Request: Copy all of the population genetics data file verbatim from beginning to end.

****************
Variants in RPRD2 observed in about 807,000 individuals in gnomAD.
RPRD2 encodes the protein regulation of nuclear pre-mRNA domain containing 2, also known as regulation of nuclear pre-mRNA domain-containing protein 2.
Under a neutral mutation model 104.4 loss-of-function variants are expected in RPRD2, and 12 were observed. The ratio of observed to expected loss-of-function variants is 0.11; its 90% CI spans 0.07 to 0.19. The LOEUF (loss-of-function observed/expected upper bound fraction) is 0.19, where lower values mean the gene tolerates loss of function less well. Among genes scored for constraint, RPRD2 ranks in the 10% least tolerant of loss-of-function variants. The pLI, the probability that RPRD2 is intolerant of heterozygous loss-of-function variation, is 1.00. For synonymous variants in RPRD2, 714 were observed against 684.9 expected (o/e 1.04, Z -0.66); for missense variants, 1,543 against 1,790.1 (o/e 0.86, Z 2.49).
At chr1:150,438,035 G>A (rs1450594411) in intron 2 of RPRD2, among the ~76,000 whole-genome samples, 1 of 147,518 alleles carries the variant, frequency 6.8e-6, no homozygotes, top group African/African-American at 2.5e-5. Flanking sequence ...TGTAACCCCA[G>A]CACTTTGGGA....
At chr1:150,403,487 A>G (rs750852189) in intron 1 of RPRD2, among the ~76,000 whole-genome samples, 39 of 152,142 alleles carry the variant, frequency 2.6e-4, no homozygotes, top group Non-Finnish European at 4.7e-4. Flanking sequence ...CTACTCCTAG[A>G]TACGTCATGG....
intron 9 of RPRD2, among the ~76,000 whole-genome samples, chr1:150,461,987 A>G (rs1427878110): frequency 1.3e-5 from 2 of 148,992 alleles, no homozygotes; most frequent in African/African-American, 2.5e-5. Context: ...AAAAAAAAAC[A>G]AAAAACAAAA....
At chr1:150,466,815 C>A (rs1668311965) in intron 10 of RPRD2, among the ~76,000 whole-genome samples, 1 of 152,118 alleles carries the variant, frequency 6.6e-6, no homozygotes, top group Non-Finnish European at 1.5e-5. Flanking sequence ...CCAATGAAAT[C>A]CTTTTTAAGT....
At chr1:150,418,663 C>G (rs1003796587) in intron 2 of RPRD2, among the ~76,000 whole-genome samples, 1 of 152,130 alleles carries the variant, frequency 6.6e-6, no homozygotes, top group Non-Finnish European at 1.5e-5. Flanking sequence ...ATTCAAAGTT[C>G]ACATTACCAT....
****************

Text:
Variants in RPRD2 observed in about 807,000 individuals in gnomAD.
RPRD2 encodes the protein regulation of nuclear pre-mRNA domain containing 2, also known as regulation of nuclear pre-mRNA domain-containing protein 2.
Under a neutral mutation model 104.4 loss-of-function variants are expected in RPRD2, and 12 were observed. The ratio of observed to expected loss-of-function variants is 0.11; its 90% CI spans 0.07 to 0.19. The LOEUF (loss-of-function observed/expected upper bound fraction) is 0.19, where lower values mean the gene tolerates loss of function less well. Among genes scored for constraint, RPRD2 ranks in the 10% least tolerant of loss-of-function variants. The pLI, the probability that RPRD2 is intolerant of heterozygous loss-of-function variation, is 1.00. For synonymous variants in RPRD2, 714 were observed against 684.9 expected (o/e 1.04, Z -0.66); for missense variants, 1,543 against 1,790.1 (o/e 0.86, Z 2.49).
At chr1:150,438,035 G>A (rs1450594411) in intron 2 of RPRD2, among the ~76,000 whole-genome samples, 1 of 147,518 alleles carries the variant, frequency 6.8e-6, no homozygotes, top group African/African-American at 2.5e-5. Flanking sequence ...TGTAACCCCA[G>A]CACTTTGGGA....
At chr1:150,403,487 A>G (rs750852189) in intron 1 of RPRD2, among the ~76,000 whole-genome samples, 39 of 152,142 alleles carry the variant, frequency 2.6e-4, no homozygotes, top group Non-Finnish European at 4.7e-4. Flanking sequence ...CTACTCCTAG[A>G]TACGTCATGG....
intron 9 of RPRD2, among the ~76,000 whole-genome samples, chr1:150,461,987 A>G (rs1427878110): frequency 1.3e-5 from 2 of 148,992 alleles, no homozygotes; most frequent in African/African-American, 2.5e-5. Context: ...AAAAAAAAAC[A>G]AAAAACAAAA....
At chr1:150,466,815 C>A (rs1668311965) in intron 10 of RPRD2, among the ~76,000 whole-genome samples, 1 of 152,118 alleles carries the variant, frequency 6.6e-6, no homozygotes, top group Non-Finnish European at 1.5e-5. Flanking sequence ...CCAATGAAAT[C>A]CTTTTTAAGT....
At chr1:150,418,663 C>G (rs1003796587) in intron 2 of RPRD2, among the ~76,000 whole-genome samples, 1 of 152,130 alleles carries the variant, frequency 6.6e-6, no homozygotes, top group Non-Finnish European at 1.5e-5. Flanking sequence ...ATTCAAAGTT[C>G]ACATTACCAT....